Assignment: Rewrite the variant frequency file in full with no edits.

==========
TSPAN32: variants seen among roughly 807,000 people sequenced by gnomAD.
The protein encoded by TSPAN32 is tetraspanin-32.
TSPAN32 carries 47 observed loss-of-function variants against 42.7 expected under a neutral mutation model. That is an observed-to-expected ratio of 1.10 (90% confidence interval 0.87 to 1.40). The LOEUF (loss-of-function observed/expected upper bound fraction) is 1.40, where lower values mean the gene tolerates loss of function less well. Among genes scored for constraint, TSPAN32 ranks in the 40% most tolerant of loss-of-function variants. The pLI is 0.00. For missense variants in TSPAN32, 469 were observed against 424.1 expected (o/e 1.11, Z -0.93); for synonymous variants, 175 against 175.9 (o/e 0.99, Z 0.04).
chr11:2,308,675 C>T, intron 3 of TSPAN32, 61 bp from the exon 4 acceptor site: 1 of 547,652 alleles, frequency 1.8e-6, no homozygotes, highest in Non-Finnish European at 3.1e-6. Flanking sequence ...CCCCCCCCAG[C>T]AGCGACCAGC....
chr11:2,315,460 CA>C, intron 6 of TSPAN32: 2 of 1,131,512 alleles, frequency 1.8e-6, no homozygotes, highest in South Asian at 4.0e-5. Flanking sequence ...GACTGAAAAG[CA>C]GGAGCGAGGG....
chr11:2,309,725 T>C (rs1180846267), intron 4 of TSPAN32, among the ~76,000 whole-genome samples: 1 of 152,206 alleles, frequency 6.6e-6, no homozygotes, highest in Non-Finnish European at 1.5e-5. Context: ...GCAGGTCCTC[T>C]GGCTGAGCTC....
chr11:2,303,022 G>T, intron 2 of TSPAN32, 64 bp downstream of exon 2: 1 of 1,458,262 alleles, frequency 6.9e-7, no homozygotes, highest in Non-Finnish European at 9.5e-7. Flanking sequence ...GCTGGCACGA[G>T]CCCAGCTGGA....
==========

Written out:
TSPAN32: variants seen among roughly 807,000 people sequenced by gnomAD.
The protein encoded by TSPAN32 is tetraspanin-32.
TSPAN32 carries 47 observed loss-of-function variants against 42.7 expected under a neutral mutation model. That is an observed-to-expected ratio of 1.10 (90% confidence interval 0.87 to 1.40). The LOEUF (loss-of-function observed/expected upper bound fraction) is 1.40, where lower values mean the gene tolerates loss of function less well. Among genes scored for constraint, TSPAN32 ranks in the 40% most tolerant of loss-of-function variants. The pLI is 0.00. For missense variants in TSPAN32, 469 were observed against 424.1 expected (o/e 1.11, Z -0.93); for synonymous variants, 175 against 175.9 (o/e 0.99, Z 0.04).
chr11:2,308,675 C>T, intron 3 of TSPAN32, 61 bp from the exon 4 acceptor site: 1 of 547,652 alleles, frequency 1.8e-6, no homozygotes, highest in Non-Finnish European at 3.1e-6. Flanking sequence ...CCCCCCCCAG[C>T]AGCGACCAGC....
chr11:2,315,460 CA>C, intron 6 of TSPAN32: 2 of 1,131,512 alleles, frequency 1.8e-6, no homozygotes, highest in South Asian at 4.0e-5. Flanking sequence ...GACTGAAAAG[CA>C]GGAGCGAGGG....
chr11:2,309,725 T>C (rs1180846267), intron 4 of TSPAN32, among the ~76,000 whole-genome samples: 1 of 152,206 alleles, frequency 6.6e-6, no homozygotes, highest in Non-Finnish European at 1.5e-5. Context: ...GCAGGTCCTC[T>C]GGCTGAGCTC....
chr11:2,303,022 G>T, intron 2 of TSPAN32, 64 bp downstream of exon 2: 1 of 1,458,262 alleles, frequency 6.9e-7, no homozygotes, highest in Non-Finnish European at 9.5e-7. Flanking sequence ...GCTGGCACGA[G>T]CCCAGCTGGA....